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  1. What’s your favorite thing to eat in the market that’s not from your booth?

Margarita’s cheese perogies, drizzled with butter and Beeland honey. It’s a special delicacy!

  1. What are three quick tips about bees that you want to share with market guests?

1. Bees sustain life.
2. Do not spray dandelions, as dandelions are the first flowers in this climate that produce both pollen and nectar. This is the first food for the bees in the spring and it is critical for their survival. Eliminate all spraying of herbicides and insecticides. We must re-educate our minds that this flower is not a weed, but is part of a natural system that sustains life.
3. Lately, bee keeping has become a trendy hobby for urban-dwellers. We, as human beings must understand that bees are delicate living beings, and any aspiring beekeeper MUST ensure proper education and internship with a seasoned beekeeper prior to embarking on becoming one.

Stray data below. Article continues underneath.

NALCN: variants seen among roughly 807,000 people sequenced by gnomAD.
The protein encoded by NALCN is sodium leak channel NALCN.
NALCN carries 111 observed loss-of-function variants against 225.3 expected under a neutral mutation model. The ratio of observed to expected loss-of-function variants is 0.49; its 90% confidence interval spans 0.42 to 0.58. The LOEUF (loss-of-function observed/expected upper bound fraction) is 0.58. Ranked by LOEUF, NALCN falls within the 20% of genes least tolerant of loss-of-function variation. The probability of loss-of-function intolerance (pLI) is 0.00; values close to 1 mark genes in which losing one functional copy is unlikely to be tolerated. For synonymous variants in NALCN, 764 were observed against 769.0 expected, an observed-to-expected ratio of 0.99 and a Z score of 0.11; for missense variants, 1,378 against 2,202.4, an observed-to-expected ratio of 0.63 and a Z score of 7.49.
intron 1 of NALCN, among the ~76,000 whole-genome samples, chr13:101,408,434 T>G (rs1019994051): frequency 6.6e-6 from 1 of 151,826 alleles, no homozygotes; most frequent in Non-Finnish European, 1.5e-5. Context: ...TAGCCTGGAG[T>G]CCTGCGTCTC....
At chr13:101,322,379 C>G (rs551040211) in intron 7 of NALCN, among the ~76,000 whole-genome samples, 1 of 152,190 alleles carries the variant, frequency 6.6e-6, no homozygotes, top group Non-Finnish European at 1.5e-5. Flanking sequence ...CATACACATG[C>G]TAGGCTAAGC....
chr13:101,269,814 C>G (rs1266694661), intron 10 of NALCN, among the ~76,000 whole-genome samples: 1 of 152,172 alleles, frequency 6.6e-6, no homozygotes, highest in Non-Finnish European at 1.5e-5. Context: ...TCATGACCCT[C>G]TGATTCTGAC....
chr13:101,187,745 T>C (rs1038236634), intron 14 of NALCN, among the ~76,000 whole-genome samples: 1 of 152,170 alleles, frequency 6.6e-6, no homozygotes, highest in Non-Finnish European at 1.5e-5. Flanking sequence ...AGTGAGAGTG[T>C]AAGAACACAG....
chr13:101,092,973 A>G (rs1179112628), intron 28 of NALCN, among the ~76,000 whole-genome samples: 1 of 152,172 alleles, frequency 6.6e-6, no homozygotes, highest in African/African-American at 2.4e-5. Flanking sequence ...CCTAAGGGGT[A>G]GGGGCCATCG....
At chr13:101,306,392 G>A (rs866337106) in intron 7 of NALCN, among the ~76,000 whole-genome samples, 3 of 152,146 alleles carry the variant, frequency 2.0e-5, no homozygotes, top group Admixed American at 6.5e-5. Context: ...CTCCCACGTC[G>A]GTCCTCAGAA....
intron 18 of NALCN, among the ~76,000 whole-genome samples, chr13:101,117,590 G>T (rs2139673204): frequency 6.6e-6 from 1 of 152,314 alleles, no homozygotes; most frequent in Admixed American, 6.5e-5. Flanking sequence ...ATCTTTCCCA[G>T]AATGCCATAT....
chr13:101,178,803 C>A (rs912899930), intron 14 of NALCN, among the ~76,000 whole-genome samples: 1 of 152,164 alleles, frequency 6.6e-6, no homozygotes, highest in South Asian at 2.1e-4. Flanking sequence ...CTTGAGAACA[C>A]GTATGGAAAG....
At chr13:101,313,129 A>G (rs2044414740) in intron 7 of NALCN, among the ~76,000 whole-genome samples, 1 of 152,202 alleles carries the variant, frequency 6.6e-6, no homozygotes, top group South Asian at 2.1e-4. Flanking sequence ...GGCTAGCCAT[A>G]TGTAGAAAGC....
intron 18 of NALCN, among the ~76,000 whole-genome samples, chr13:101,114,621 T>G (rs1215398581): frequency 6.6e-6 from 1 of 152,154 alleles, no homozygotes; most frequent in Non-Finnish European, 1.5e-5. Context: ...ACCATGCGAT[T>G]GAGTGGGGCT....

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Holiday Charcuterie Board

With all of the holiday parties and get-togethers, friendly gift-exchanges over rum and eggnogs, family dinners with goodies galore, and New Year’s Eve upon us, we wanted to provide you with an easy way to share delicious food no matter what festive event you’re attending.  A charcuterie board is, we think, the yummiest way to enjoy a variety of cured meats, mustards, cheeses, preserves, pickles, bread and crackers.  You’d be hard-pressed to glance at a menu in Calgary without often finding an in-house cured charcuterie on offer.  Gone are the days of a pile of salami and a chunk of havarti.  But does that mean you can’t make a mean charcuterie of your own? Absolutely not.  It’s easier than you think and there are plenty of options out there.  We’d like to show you how to throw together a spectacular spread in one stop here at the Calgary Farmers’ Market.

All you need is a big cutting board (or two) or a couple of slate slabs and a little sense of adventure…. because who doesn’t love going to a party and stumbling on something new and delicious?